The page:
Research

Incidence of febrile seizures and associated factors in children in Soweto, South Africa

N D Tebeila, Z Dangor, S A Madhi, C Cutland, M J Groome

Abstract


Background.Febrile seizures (FSs) are a common cause of paediatric emergencies, but there is limited research on the aetiology and epidemiology of FSs, especially in Africa.

Objectives. To determine the incidence of FS hospitalisations in children aged 6 - 59 months in Soweto, South Africa, and factors associated with FS hospitalisations.

Method.In a secondary data analysis using a cohort of children enrolled in a 9-valent pneumococcal conjugate vaccine efficacy trial conducted in Soweto during 1998 - 2005, the incidence of FS hospitalisation was calculated and stratified by age group. Regression analysis was used to investigate factors associated with FS at the time of hospitalisation. Influenza A, influenza B, respiratory syncytial virus (RSV), adenovirus and parainfluenza were investigated for among those with respiratory symptoms using immunofluorescent assays.

Results.FSs accounted for 780 (11.0%) of 7 126 hospitalisations during the study period. The overall incidence of FSs was 4.4 (95% confidence interval (CI) 4.10 - 4.97) per 1 000 person-years, with the highest incidence in children aged 12 - 23 months (7.25; 95% CI 6.44 - 8.14). Among hospitalised children, FS hospitalisation was associated with HIV-negative status (odds ratio (OR) 6.25; 95% CI 4.34 - 8.99), body temperature ≥39ºC (OR 2.03; 95% CI 1.56 - 2.64) and concurrent diagnosis of acute otitis media (OR 2.16; 95% CI 1.74 - 2.67). Influenza A was identified in 44/515 FS hospitalisations (8.5%) compared with 123/3 794 non-FS hospitalisations (3.2%) (OR 2.22; 95% CI 1.56 - 3.16). In contrast, RSV detection was less commonly identified in children with FSs (21; 4.1%) than without (419; 11.0%) (OR 0.36; 95% CI 0.24 - 0.54).

Conclusions.FSs contributed significantly to the burden of paediatric hospitalisations in Soweto, and were strongly associated with influenza A virus infection.


Authors' affiliations

N D Tebeila, South African Medical Research Council Vaccines and Infectious Diseases Analytics Research Unit, Faculty of Health Sciences, University of the Witwatersrand, Johannesburg, South Africa; Division of Epidemiology and Biostatistics, School of Public Health, Faculty of Health Sciences, University of the Witwatersrand, Johannesburg, South Africa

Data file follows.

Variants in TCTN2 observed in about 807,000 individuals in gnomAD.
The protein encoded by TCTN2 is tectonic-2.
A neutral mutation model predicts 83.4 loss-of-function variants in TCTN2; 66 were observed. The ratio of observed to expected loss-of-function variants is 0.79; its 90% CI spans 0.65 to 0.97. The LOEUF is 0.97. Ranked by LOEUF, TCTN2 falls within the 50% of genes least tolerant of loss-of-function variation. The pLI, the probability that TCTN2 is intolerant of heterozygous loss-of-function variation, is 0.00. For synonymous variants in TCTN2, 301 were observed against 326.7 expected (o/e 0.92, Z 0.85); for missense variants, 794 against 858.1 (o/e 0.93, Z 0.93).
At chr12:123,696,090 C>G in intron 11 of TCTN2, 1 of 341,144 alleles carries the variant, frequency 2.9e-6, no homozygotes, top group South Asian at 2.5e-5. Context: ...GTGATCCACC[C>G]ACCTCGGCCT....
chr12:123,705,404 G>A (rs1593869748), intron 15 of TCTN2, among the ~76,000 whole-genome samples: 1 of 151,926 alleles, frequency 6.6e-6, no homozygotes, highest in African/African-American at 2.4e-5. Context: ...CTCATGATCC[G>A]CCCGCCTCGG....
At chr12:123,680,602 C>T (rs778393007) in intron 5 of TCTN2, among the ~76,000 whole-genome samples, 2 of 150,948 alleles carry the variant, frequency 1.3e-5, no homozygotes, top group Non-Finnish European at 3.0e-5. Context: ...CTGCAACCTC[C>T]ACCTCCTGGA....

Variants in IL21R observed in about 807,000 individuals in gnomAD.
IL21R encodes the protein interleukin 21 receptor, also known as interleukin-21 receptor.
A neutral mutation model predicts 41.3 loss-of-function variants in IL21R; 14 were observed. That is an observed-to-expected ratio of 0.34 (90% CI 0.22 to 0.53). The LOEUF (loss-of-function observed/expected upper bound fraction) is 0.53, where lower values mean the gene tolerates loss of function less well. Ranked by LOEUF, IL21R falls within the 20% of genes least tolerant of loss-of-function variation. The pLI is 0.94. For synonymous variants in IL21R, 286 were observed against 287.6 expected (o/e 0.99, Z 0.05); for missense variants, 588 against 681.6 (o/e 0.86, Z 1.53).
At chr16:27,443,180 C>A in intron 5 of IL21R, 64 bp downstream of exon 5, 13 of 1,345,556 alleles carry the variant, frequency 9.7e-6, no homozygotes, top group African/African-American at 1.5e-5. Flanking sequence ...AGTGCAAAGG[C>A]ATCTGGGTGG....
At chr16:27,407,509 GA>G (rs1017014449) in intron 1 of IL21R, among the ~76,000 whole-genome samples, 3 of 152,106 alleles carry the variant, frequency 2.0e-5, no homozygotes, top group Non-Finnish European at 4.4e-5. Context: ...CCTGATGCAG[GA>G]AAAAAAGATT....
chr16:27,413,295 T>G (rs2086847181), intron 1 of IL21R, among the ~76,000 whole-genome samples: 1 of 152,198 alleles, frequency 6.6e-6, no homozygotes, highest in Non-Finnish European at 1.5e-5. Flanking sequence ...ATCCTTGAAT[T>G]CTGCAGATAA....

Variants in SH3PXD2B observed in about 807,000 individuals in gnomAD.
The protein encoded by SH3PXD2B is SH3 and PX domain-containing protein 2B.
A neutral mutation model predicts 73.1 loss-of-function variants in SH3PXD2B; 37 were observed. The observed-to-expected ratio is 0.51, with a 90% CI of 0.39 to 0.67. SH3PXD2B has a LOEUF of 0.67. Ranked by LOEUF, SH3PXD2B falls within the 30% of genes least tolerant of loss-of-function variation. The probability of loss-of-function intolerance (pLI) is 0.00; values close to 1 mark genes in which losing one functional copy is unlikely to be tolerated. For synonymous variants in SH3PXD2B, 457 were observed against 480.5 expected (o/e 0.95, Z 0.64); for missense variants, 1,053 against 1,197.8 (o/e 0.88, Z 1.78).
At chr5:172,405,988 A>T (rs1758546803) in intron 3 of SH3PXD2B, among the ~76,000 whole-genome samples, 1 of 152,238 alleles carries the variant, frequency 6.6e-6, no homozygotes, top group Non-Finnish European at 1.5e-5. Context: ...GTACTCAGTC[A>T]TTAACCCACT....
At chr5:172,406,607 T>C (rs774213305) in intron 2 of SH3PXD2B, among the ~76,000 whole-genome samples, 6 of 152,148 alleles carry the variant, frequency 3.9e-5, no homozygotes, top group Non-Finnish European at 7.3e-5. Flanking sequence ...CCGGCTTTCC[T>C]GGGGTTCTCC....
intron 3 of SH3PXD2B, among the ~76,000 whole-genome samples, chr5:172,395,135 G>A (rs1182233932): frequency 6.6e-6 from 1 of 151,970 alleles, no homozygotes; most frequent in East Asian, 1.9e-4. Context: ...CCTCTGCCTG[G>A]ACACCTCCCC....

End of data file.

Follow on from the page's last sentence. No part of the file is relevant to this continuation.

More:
Z Dangor, South African Medical Research Council Vaccines and Infectious Diseases Analytics Research Unit, Faculty of Health Sciences, University of the Witwatersrand, Johannesburg, South Africa; Department of Paediatrics and Child Health, Faculty of Health Sciences, University of the Witwatersrand, Johannesburg, South Africa

S A Madhi, South African Medical Research Council Vaccines and Infectious Diseases Analytics Research Unit, Faculty of Health Sciences, University of the Witwatersrand, Johannesburg, South Africa; Department of Science and Technology/National Research Foundation: Vaccine Preventable Diseases, Faculty of Health Sciences, University of the Witwatersrand, Johannesburg, South Africa

C Cutland, South African Medical Research Council Vaccines and Infectious Diseases Analytics Research Unit, Faculty of Health Sciences, University of the Witwatersrand, Johannesburg, South Africa; Department of Science and Technology/National Research Foundation: Vaccine Preventable Diseases, Faculty of Health Sciences, University of the Witwatersrand, Johannesburg, South Africa; African Leadership in Vaccinology Expertise (ALIVE), School of Pathology, Faculty of Health Sciences, University of the Witwatersrand, Johannesburg, South Africa

M J Groome, South African Medical Research Council Vaccines and Infectious Diseases Analytics Research Unit, Faculty of Health Sciences, University of the Witwatersrand, Johannesburg, South Africa; Department of Science and Technology/National Research Foundation: Vaccine Preventable Diseases, Faculty of Health Sciences, University of the Witwatersrand, Johannesburg, South Africa

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Keywords

Febrile seizures; Children under 5 years; Hospitalisation; Incidence; Associated factors; Respiratory viruses

Cite this article

South African Medical Journal 2021;111(8):796-802. DOI:10.7196/SAMJ.2021.v111i8.15431

Article History

Date submitted: 2021-08-02
Date published: 2021-08-02

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